IgM is a very large protein that clears foreign substances from the bloodstream. IgM antibodies are part of the body’s general first line of defense against invaders.

IgA is found in the secretions of the saliva and mucous. An IgA provides a mucosal first line of defense. 

IgE is involved in immediate allergic responses, and sometimes, parasitic infections. IgE combines with a special cell known as a mast cell to release a chemical called histamine, which leads to swelling.

Finally, the most important immunoglobulin is IgG. IgG antibodies are formed in response to specific invaders, and they usually last a lifetime. They do take 7–14 days to be produced.

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The Use of IgG Antibodies to Cure Disease

IgG antibodies are produced in response to vaccination, but the two-week delay explains why it cannot be used as an immediate treatment strategy for infection. However, during the Ebola outbreak, another use of antibodies was tested—after the treatment and cure of the first American who had Ebola, doctors used the antibodies from his blood as a way to treat other patients with the Ebola virus. 

An illustration of the IgG antibodies.
IgG antibodies take 7–14 days to be produced but last a lifetime. They respond to specific germs. (Image: Corona Borealis Studio/Shutterstock)

The antibodies were transfused into newly infected patients in a process called passive immunization—providing immediate antibodies instead of waiting two weeks. A similar process is utilized after some tetanus exposures. 

For those individuals who have unusually severe allergies, immunotherapy is also possible. This treatment involves the intentional introduction of foreign allergic antigens—under medical supervision—to decrease IgE and increase IgG and IgA production. The net result is an improvement in allergy symptoms.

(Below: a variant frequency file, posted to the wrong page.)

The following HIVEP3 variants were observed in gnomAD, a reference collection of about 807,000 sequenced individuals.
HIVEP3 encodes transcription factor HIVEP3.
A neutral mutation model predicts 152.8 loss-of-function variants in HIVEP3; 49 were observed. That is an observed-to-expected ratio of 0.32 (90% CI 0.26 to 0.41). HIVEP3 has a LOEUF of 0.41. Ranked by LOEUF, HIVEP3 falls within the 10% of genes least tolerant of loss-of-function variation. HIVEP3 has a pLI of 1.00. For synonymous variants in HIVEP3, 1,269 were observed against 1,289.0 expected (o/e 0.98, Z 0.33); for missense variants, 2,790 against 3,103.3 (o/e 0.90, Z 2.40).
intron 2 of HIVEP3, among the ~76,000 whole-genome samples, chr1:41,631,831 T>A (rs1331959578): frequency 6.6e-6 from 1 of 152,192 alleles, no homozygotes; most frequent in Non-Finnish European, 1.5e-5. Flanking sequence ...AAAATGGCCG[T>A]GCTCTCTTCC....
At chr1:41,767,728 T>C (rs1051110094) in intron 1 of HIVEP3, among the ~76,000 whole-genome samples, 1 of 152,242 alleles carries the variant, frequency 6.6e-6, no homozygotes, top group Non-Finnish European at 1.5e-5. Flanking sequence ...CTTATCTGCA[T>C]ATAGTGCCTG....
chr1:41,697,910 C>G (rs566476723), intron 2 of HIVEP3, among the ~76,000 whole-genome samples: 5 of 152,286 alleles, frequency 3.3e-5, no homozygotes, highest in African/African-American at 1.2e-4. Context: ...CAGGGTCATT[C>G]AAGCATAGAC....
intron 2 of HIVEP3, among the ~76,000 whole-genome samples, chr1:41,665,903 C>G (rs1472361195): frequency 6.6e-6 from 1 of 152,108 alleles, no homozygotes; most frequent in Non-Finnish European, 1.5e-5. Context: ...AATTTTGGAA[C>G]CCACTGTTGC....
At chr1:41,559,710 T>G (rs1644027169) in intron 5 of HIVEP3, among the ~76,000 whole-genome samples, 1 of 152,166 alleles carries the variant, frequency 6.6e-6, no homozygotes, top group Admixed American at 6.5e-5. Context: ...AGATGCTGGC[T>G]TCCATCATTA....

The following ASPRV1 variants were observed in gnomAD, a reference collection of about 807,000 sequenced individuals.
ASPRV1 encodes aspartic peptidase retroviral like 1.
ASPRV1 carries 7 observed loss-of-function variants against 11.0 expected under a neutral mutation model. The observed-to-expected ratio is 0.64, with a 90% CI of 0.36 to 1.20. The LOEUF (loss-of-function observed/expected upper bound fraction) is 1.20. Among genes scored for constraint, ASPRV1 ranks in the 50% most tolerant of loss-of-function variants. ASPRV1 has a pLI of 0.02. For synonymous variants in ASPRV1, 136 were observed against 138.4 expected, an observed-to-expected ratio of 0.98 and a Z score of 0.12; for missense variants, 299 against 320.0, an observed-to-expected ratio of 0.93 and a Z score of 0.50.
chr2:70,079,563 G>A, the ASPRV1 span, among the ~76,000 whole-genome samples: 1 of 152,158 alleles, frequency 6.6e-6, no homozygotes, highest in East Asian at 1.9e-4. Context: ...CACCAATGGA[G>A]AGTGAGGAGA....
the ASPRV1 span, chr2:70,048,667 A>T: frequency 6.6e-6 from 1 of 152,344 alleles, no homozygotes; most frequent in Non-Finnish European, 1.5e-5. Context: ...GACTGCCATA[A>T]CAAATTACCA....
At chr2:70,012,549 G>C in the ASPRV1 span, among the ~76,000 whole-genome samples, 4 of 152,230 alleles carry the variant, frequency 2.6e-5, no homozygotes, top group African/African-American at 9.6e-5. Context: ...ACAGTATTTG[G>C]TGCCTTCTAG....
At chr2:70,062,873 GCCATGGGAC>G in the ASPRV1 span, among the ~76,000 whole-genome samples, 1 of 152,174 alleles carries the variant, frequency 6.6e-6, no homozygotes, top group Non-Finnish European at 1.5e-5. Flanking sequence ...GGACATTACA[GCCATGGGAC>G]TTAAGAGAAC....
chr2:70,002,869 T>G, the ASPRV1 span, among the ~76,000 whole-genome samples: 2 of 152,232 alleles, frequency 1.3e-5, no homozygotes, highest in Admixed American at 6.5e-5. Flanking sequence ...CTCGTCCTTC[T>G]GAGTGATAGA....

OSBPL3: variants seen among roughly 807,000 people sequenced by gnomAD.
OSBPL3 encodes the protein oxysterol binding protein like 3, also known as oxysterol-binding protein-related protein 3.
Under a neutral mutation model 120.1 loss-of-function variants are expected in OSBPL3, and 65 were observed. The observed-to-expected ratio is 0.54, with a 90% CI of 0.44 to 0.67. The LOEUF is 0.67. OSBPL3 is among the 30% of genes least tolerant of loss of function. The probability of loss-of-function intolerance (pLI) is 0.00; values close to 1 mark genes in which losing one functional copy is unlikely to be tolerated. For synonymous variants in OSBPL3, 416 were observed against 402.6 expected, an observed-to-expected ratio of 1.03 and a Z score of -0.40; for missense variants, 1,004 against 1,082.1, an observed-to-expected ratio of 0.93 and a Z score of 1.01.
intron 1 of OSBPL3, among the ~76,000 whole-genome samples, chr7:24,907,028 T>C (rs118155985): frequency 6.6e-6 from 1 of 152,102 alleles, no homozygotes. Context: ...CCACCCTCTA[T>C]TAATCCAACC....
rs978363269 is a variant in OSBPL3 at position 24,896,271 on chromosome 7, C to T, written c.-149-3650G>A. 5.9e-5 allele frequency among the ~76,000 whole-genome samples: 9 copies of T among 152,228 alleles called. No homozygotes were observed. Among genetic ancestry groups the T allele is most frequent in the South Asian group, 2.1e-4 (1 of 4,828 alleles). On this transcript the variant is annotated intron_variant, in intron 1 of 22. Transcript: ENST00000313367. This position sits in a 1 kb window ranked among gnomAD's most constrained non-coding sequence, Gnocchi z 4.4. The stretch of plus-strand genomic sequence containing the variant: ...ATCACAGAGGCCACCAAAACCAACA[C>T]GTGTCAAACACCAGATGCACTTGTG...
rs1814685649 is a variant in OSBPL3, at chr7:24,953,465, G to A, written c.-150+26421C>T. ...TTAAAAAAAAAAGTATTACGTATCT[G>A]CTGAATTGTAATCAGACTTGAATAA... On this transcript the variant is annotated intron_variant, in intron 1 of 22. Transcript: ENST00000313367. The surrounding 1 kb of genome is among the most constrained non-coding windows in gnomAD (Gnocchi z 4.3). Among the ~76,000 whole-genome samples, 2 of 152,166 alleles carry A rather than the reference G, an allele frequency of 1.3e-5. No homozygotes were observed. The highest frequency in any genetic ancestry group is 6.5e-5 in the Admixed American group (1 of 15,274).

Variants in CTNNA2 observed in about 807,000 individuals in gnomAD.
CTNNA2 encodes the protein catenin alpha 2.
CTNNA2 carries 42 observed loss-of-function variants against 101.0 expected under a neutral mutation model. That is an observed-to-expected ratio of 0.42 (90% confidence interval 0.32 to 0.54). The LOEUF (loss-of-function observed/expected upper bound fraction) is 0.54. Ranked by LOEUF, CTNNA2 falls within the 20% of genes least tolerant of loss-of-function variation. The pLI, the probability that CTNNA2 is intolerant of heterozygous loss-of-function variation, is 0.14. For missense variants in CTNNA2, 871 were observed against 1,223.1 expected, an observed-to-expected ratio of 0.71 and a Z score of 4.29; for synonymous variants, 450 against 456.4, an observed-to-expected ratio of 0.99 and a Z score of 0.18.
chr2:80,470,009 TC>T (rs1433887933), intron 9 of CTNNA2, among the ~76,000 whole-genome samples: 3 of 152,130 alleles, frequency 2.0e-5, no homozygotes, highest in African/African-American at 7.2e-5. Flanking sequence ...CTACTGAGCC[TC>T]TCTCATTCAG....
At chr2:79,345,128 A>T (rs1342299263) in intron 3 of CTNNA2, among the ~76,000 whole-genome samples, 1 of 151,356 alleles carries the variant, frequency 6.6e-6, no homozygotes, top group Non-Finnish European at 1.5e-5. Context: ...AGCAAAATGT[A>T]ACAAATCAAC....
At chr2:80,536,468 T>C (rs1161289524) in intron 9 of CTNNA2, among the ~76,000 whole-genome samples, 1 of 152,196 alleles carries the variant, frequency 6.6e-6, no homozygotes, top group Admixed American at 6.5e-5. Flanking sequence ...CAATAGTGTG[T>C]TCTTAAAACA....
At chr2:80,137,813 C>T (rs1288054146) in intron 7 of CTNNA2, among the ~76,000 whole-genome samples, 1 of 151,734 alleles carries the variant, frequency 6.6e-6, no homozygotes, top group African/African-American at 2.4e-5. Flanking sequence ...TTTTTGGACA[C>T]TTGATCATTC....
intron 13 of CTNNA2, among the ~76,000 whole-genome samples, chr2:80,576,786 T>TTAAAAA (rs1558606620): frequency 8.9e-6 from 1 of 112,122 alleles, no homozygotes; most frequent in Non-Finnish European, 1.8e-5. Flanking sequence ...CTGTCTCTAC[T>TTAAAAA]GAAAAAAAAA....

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How the Immune System Functions in an Adaptive Fashion

When a child gets the live measles vaccine, what happens after vaccination? The vaccine with measles antigens stimulates B-cells to mature into either an antibody-secreting plasma cell (producing IgM and IgG antibodies) or memory B-cells. 

This is also known as the primary immune response. The antibody levels will gradually decline once the threat is over, but the memory B-cells remain dormant and present in the lymphatic system. 

If the individual contracts the measles virus again as an adult, similar to waking a bear out of hibernation, the cells will rapidly—within hours—start producing large amounts of measles-specific IgG antibodies. Antibodies will attach themselves to the virus before they can attack healthy body cells. The memory immune lymphocytes would also recognize a pathogenic germ and assist in its destruction.

Common Questions about the Adaptive Immune System—Cellular and Humoral Immunity

Q: What is the adaptive immune system?

The adaptive immune system consists of specialized cells that adapt to and learn from previous invaders. For instance, this system remembers that someone had measles when they were a child, and when/if the same virus attacks their body again, this system will protect them.

Q: What are the four types of antibodies?

Antibodies are a major component of the humoral immune system. The four major categories of antibodies are IgM, IgA, IgE, and IgG, with each one having a different function. ‘Ig’ is short for ‘immunoglobulins’.

Q: What is IgE antibody?

IgE is a significant antibody in the adaptive immune system. IgE is involved in immediate allergic responses, and sometimes, parasitic infections. IgE combines with a special cell known as a mast cell to release a chemical called histamine, which leads to swelling.